Weekly Feature: Poetry at The Arts Fuse

Welcome to “Poetry at The Arts Fuse.” A new poem every Thursday.

A New Idea


The structure failed to cohere at the end of the struggle.

It had some music in it. Therefore, it could be located.


Women seemed forced from the dark burrows of their own bodies. 

To see what caused the collapse.


A cupboard door, a ladder, a piece of clothing, and

Suddenly a childs bright solution:




Put the bed posts evenly to hold the planks still.

Everything up, windows facing into a wall.

Human bones ground down and painted into the pallor.

Pink will help.


Nothing extra: the victims could tell they were being failed.

But bones ground into bricks—were just powder.

And if (later) saved and used they could be sanctified.


Poor childrens hair pulled into mud and stucco and high-rise pipes.

Oh Builder, why today?


Now it is an altar.  A widowed house.  A place to sit against and resist.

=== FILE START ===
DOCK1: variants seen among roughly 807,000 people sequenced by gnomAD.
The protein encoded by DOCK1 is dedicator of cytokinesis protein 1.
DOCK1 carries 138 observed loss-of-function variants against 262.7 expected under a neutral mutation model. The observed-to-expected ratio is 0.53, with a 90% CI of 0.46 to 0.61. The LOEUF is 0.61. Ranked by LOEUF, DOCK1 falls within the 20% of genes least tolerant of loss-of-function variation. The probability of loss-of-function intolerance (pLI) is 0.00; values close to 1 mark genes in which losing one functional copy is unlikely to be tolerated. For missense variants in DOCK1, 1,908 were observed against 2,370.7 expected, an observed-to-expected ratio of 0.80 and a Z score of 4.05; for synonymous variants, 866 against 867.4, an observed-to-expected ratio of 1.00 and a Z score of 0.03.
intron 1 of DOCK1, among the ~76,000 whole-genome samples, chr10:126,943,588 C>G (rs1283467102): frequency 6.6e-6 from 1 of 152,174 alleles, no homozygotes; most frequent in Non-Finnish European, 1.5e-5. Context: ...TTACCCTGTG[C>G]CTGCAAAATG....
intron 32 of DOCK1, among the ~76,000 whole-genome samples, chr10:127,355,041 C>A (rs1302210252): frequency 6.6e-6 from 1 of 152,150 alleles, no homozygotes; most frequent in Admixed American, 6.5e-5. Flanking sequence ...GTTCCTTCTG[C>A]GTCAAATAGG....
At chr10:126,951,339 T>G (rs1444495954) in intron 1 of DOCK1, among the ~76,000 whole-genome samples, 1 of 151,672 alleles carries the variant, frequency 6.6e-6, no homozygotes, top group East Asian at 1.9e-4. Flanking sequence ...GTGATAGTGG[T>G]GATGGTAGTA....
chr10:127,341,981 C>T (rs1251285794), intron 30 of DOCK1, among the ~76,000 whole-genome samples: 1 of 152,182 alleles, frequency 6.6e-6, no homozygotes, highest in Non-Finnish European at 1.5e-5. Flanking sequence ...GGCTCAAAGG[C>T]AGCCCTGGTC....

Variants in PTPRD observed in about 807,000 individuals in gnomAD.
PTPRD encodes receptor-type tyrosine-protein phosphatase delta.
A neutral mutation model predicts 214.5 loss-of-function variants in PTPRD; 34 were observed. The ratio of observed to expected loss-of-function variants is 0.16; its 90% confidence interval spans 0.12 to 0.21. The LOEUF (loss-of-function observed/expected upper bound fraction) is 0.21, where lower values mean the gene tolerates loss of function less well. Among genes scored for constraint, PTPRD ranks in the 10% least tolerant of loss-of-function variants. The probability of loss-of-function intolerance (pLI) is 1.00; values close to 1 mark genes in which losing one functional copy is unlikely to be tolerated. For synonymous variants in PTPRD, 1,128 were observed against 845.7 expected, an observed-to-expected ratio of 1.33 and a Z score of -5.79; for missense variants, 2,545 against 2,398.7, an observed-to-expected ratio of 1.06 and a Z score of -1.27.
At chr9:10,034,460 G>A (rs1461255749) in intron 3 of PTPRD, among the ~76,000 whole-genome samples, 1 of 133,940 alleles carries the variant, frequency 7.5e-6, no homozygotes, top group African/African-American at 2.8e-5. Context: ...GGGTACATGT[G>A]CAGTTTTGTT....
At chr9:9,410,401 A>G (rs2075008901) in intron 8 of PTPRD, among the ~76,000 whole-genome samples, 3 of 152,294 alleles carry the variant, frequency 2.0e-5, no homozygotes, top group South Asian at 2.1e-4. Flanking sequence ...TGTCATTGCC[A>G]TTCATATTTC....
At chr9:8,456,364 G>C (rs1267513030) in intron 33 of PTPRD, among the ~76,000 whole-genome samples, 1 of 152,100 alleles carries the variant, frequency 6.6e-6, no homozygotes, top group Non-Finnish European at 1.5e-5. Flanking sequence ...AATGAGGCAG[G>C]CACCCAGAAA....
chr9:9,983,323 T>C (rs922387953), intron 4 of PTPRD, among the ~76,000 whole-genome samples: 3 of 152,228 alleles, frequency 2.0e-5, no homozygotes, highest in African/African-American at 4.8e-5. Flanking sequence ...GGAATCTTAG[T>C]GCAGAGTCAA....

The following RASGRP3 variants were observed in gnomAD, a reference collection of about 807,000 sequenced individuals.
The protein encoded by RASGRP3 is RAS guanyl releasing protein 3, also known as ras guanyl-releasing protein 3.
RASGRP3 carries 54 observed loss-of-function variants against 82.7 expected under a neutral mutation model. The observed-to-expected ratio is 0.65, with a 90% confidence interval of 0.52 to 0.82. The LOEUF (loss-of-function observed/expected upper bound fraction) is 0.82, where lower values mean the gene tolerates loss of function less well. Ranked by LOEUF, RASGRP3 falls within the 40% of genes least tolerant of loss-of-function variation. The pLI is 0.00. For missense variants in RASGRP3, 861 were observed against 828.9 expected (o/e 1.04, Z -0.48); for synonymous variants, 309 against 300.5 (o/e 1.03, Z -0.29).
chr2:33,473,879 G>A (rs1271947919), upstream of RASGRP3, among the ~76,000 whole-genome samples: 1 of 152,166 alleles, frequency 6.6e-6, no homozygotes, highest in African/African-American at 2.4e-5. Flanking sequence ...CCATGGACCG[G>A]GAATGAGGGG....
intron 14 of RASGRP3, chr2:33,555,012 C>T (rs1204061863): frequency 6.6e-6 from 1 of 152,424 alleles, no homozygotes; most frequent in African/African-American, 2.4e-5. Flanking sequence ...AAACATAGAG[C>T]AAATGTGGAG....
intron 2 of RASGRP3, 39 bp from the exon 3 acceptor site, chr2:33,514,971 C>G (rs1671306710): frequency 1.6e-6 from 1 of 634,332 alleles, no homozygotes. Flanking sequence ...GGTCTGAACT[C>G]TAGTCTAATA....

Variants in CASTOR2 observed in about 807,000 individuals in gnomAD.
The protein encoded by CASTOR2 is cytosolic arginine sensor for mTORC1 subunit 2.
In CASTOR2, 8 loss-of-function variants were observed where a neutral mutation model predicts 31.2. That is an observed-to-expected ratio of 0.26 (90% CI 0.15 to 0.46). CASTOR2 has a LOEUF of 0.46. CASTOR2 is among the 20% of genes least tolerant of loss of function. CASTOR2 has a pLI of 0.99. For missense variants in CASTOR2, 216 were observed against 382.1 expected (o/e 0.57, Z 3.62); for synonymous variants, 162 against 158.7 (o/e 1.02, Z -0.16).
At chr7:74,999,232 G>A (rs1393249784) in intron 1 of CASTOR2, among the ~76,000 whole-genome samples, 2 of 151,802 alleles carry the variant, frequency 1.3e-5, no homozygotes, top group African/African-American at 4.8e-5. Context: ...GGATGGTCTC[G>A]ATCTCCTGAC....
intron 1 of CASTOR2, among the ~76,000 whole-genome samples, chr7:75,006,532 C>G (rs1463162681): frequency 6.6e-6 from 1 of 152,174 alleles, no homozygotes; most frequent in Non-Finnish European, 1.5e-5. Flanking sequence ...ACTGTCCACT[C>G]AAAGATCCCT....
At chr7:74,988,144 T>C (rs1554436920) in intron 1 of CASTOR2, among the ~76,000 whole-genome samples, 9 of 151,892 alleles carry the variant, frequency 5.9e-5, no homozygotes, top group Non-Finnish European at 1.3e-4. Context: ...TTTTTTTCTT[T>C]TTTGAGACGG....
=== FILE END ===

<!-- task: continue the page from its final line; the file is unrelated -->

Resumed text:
God will take pity on this strange creation—the god of Nature.

Void of human cruelty.  Empty of imeasures.

Its intention always bare.


So the children heated the flowers Persephone had gathered.  She used chemicals like turpentine, glycerin, and collagen, and flattened them between sheets of foam. When sewing the petals together she waxed thread that allowed the fiber to pass through the petals without ripping them. Finally, they stitched the petals onto a flexible polymer that would lend the stuff an extra layer of stability. Then she and Hell called the nymphs to help them make necklaces and tunics and belts. The main thing is that these bouquets would never die. With those chemicals they would dwell forever in a state of being and nonbeing. Did they have souls?  Does a flower have willpower or only the wind to move it.  No one wants to go to Hell for advice on how to break apart a color. A baptismal gown pearled together with spider webs shimmers till nothing can be seen of the cloth.  I would say, Leave it there to regenerate by contact with contact.  


Fanny Howe is the author of over 20 books, including works of poetry, fiction and essays. Her most recent book of poems is Love and I from Graywolf Press.

Note: Hey poets! We seek submissions of excellent poetry from across the length and breadth of contemporary poetics. See submission guidelines here. The arbiter of the feature is the magazine’s poetry editor, John Mulrooney.

Arts Fuse editor Bill Marx

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